Home > Health A – Z > Amyloidosis

Amyloidosis

A potentially fatal build up of a blood protein in vital organs.

PubMed Health Glossary
(Source: NIH - National Institute of Arthritis and Musculoskeletal and Skin Diseases)

About Amyloidosis

Amyloidosis is a rare disease that occurs when amyloid proteins are deposited in tissues and organs. Amyloid proteins are abnormal proteins that the body cannot break down and recycle, as it does with normal proteins. When amyloid proteins clump together, they form amyloid deposits. The buildup of these deposits damages a person's organs and tissues.

Amyloidosis can affect different organs and tissues in different people and can affect more than one organ at the same time. Amyloidosis most frequently affects the kidneys, heart, nervous system, liver, and digestive tract. The symptoms and severity of amyloidosis depend on the organs and tissues affected. NIH - National Institute of Diabetes and Digestive and Kidney Diseases

What works? Research summarized

Evidence reviews

Role of high-dose chemotherapy and autologous hematopoietic cell transplantation in primary systemic amyloidosis: a systematic review

The authors concluded that autologous haematopoietic cell transplantation ddi not appear superior to conventional chemotherapy in improving overall survival in primary systemic amyloidosis; however, the evidence was weak and further research was needed. This was a generally well-conducted study. Given the poor quality of the available studies and high levels of statistical heterogeneity, the authors' caution is warranted.

Drug Class Review: Direct Renin Inhibitors, Angiotensin Converting Enzyme Inhibitors, and Angiotensin II Receptor Blockers: Final Report [Internet]

The renin-angiotensin system is a complex biologic system between the heart, brain, blood vessels, and kidneys that leads to the production of biologically active agents, including angiotensin I and II and aldosterone, which act together to impact a variety of bodily functions including blood vessel tone, sodium balance, and glomerular filtration pressure. The multiple and varied effects of these agents allows the renin-angiotensin system to play a wide role in the pathology of hypertension, cardiovascular health, and renal function. Our ability to begin to intervene upon the complex cycle of hormone and other biochemical agent production within the renin-angiotensin system began with the advent of the first orally active ACE-I (angiotensin converting enzyme inhibitor), captopril, in 1981. AIIRAs (angiotensin II receptor blockers) were developed as an alternative to ACE-I, and block the interaction between angiotensin II and the angiotensin receptor. Losartan, the first commercially available AIIRA, was approved for clinical use in 1995. The goal of this report is to compare the effectiveness and harms between aliskiren and placebo and between AIIRAs and ACEIs in the treatment of diagnosed coronary heart disease, hypertension, left ventricular dysfunction, heart failure, nondiabetic chronic kidney disease, or diabetic nephropathy.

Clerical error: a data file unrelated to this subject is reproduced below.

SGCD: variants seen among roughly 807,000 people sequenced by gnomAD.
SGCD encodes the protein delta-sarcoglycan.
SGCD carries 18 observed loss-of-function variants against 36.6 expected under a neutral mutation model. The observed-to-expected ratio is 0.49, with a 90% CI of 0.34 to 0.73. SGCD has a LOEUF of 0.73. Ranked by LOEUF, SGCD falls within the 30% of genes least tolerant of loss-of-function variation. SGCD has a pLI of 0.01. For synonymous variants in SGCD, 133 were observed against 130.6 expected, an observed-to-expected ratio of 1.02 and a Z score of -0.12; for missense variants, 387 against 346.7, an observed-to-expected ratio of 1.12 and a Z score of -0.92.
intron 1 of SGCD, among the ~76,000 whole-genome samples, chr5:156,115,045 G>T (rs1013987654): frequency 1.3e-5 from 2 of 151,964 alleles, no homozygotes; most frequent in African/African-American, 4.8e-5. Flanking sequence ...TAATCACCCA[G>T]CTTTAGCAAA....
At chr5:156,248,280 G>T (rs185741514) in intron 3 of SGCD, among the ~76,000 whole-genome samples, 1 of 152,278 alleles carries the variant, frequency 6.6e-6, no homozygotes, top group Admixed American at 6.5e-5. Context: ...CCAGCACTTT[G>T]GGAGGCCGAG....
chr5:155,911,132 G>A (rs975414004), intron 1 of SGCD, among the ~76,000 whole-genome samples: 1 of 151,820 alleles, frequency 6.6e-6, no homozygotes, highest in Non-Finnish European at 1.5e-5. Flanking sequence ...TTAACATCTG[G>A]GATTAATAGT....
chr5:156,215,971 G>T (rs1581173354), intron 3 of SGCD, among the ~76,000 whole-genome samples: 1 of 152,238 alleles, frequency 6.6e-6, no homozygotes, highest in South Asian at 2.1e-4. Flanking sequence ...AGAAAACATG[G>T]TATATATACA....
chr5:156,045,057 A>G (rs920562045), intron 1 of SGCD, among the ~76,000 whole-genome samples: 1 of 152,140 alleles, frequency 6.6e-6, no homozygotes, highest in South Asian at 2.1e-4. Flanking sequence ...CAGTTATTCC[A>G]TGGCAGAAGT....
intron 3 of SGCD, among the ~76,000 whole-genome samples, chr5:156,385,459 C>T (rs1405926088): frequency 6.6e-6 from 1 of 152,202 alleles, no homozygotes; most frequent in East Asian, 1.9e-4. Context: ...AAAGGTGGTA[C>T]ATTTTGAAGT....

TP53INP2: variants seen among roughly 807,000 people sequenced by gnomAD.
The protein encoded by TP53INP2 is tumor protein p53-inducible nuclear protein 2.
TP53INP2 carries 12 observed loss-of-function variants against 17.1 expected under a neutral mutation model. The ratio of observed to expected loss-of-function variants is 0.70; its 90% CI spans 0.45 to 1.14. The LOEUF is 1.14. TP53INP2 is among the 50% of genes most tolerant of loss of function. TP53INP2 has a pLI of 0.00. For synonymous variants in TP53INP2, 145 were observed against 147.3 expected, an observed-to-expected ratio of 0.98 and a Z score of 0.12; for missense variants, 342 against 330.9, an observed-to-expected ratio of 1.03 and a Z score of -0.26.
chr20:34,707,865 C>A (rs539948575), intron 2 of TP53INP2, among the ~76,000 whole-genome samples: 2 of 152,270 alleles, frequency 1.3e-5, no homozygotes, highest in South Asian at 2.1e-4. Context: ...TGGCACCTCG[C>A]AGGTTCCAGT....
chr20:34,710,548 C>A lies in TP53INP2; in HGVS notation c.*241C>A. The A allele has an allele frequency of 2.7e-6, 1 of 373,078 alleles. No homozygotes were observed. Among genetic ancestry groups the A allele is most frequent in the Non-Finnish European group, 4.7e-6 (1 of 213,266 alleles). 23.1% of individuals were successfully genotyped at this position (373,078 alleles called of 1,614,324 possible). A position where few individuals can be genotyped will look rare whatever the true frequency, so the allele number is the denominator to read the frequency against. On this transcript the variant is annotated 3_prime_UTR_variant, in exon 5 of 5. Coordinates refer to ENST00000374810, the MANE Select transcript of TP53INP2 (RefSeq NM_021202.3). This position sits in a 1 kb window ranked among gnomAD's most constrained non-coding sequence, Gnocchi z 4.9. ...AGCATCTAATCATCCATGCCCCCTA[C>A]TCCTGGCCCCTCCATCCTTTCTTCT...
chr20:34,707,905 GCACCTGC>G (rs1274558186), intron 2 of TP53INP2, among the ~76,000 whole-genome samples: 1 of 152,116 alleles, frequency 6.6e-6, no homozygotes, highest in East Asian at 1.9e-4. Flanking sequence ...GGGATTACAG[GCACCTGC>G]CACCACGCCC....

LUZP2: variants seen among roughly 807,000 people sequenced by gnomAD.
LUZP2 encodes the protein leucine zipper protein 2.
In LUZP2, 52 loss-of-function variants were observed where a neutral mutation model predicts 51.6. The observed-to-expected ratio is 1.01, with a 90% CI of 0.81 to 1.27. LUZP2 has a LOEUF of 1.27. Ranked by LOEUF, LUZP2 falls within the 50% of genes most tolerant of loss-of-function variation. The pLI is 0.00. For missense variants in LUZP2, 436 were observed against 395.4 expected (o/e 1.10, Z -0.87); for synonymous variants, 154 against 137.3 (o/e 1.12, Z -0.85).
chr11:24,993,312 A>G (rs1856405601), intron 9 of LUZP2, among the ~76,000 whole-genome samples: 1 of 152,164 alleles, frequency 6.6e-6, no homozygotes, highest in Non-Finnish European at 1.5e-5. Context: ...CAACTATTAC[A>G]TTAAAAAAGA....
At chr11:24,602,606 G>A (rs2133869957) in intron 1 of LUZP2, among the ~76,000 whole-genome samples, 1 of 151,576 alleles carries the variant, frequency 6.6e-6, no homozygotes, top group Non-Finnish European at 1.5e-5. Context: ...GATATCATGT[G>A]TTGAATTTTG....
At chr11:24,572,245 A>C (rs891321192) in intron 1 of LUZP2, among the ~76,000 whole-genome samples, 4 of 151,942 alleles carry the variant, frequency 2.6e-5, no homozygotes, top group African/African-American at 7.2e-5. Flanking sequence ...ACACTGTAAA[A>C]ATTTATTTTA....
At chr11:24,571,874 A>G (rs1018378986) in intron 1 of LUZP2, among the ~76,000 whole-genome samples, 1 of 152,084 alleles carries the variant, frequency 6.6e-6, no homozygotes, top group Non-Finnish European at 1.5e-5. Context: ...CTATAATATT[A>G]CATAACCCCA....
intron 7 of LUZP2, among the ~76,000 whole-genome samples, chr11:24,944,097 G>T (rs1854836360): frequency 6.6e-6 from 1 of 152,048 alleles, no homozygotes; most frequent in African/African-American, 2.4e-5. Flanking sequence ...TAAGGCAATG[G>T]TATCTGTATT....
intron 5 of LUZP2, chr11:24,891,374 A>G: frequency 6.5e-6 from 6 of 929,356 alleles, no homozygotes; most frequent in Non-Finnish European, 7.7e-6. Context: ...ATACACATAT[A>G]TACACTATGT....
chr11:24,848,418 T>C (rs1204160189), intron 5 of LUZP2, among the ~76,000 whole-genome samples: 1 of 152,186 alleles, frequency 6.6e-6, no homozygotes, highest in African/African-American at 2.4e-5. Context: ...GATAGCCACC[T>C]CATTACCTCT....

Comparison of hemodialysis, hemofiltration, and acetate-free biofiltration for ESRD: systematic review

This review compared haemodialysis, haemofiltration, haemodiafiltration and acetate-free biofiltration for patients with end-stage renal disease. The authors concluded that there was insufficient evidence to determine the most effective method of extracorporeal renal replacement. This was generally a well-conducted review and the authors' conclusions are likely to be robust.

See all (16)

Summaries for consumers

Plasma Cell Neoplasms (Including Multiple Myeloma) Treatment (PDQ®): Patient Version

Expert-reviewed information summary about the treatment of plasma cell neoplasms (including multiple myeloma).

Terms to know

Amino Acids
A chemical building block of proteins. There are 20 standard amino acids. A protein consists of a specific sequence of amino acids.
Organ
A part of the body that has a specific function, such as the lungs.
Proteins
A molecule made up of amino acids. Proteins are needed for the body to function properly. They are the basis of body structures, such as skin and hair, and of other substances such as enzymes, cytokines, and antibodies.
Tissue
A group of cells that act together to carry out a specific function in the body. Examples include muscle tissue, nervous system tissue (including the brain, spinal cord, and nerves), and connective tissue (including ligaments, tendons, bones, and fat). Organs are made up of tissues.

More about Amyloidosis

Photo of an adult

Other terms to know: See all 4
Amino Acids, Organ, Proteins

Keep up with systematic reviews on Amyloidosis:

Create RSS

PubMed Health Blog...

read all...